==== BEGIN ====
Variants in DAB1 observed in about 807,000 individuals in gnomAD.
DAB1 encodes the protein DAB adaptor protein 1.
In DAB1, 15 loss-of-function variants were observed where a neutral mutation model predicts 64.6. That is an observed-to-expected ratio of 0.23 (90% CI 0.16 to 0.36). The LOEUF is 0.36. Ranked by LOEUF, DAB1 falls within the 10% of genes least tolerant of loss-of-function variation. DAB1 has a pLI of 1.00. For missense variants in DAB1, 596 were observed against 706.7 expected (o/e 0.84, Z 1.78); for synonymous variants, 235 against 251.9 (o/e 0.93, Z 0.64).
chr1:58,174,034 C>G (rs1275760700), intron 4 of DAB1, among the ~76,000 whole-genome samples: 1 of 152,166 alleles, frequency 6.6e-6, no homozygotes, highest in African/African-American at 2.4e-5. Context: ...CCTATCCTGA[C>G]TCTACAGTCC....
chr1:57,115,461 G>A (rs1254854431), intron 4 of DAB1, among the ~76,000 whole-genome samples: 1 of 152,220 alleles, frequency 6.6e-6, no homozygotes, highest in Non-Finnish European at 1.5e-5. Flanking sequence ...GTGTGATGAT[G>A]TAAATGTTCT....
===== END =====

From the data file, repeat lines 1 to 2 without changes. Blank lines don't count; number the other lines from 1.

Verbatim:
Variants in DAB1 observed in about 807,000 individuals in gnomAD.
DAB1 encodes the protein DAB adaptor protein 1.